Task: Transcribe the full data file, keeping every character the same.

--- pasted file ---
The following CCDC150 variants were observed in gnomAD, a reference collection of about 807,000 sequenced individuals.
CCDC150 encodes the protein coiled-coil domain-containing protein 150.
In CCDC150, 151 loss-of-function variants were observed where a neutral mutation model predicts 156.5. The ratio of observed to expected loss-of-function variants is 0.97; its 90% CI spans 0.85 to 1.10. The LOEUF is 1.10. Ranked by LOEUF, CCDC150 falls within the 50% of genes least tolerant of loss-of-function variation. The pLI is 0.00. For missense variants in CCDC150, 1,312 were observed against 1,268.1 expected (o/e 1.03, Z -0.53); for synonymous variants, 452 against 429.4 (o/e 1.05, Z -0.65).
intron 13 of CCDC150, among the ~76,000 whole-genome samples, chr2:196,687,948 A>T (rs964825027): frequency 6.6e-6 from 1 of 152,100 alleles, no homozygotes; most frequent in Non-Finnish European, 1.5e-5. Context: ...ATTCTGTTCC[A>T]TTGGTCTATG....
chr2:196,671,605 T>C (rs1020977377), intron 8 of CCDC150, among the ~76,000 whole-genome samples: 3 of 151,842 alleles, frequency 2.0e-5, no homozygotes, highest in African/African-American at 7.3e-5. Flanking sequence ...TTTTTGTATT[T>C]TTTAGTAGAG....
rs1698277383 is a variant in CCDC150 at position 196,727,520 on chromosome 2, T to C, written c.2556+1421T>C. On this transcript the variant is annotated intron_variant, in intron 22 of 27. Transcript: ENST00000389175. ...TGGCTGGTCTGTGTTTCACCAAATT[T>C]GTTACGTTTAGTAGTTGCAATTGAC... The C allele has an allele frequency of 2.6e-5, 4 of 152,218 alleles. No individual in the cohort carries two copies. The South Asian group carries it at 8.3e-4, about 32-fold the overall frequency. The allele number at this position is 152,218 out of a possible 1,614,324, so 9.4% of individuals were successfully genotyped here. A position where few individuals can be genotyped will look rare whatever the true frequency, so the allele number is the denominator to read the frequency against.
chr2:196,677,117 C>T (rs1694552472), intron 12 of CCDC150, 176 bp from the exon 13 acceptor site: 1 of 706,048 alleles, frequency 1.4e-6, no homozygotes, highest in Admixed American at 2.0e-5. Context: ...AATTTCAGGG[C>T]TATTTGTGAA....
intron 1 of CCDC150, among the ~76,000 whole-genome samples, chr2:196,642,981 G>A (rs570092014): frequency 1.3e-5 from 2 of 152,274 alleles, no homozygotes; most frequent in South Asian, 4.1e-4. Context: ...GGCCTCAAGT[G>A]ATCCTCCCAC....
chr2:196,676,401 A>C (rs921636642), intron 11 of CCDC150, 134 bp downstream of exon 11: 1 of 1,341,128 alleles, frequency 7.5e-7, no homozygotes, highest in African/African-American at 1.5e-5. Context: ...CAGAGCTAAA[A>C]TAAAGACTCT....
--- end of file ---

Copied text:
The following CCDC150 variants were observed in gnomAD, a reference collection of about 807,000 sequenced individuals.
CCDC150 encodes the protein coiled-coil domain-containing protein 150.
In CCDC150, 151 loss-of-function variants were observed where a neutral mutation model predicts 156.5. The ratio of observed to expected loss-of-function variants is 0.97; its 90% CI spans 0.85 to 1.10. The LOEUF is 1.10. Ranked by LOEUF, CCDC150 falls within the 50% of genes least tolerant of loss-of-function variation. The pLI is 0.00. For missense variants in CCDC150, 1,312 were observed against 1,268.1 expected (o/e 1.03, Z -0.53); for synonymous variants, 452 against 429.4 (o/e 1.05, Z -0.65).
intron 13 of CCDC150, among the ~76,000 whole-genome samples, chr2:196,687,948 A>T (rs964825027): frequency 6.6e-6 from 1 of 152,100 alleles, no homozygotes; most frequent in Non-Finnish European, 1.5e-5. Context: ...ATTCTGTTCC[A>T]TTGGTCTATG....
chr2:196,671,605 T>C (rs1020977377), intron 8 of CCDC150, among the ~76,000 whole-genome samples: 3 of 151,842 alleles, frequency 2.0e-5, no homozygotes, highest in African/African-American at 7.3e-5. Flanking sequence ...TTTTTGTATT[T>C]TTTAGTAGAG....
rs1698277383 is a variant in CCDC150 at position 196,727,520 on chromosome 2, T to C, written c.2556+1421T>C. On this transcript the variant is annotated intron_variant, in intron 22 of 27. Transcript: ENST00000389175. ...TGGCTGGTCTGTGTTTCACCAAATT[T>C]GTTACGTTTAGTAGTTGCAATTGAC... The C allele has an allele frequency of 2.6e-5, 4 of 152,218 alleles. No individual in the cohort carries two copies. The South Asian group carries it at 8.3e-4, about 32-fold the overall frequency. The allele number at this position is 152,218 out of a possible 1,614,324, so 9.4% of individuals were successfully genotyped here. A position where few individuals can be genotyped will look rare whatever the true frequency, so the allele number is the denominator to read the frequency against.
chr2:196,677,117 C>T (rs1694552472), intron 12 of CCDC150, 176 bp from the exon 13 acceptor site: 1 of 706,048 alleles, frequency 1.4e-6, no homozygotes, highest in Admixed American at 2.0e-5. Context: ...AATTTCAGGG[C>T]TATTTGTGAA....
intron 1 of CCDC150, among the ~76,000 whole-genome samples, chr2:196,642,981 G>A (rs570092014): frequency 1.3e-5 from 2 of 152,274 alleles, no homozygotes; most frequent in South Asian, 4.1e-4. Context: ...GGCCTCAAGT[G>A]ATCCTCCCAC....
chr2:196,676,401 A>C (rs921636642), intron 11 of CCDC150, 134 bp downstream of exon 11: 1 of 1,341,128 alleles, frequency 7.5e-7, no homozygotes, highest in African/African-American at 1.5e-5. Context: ...CAGAGCTAAA[A>C]TAAAGACTCT....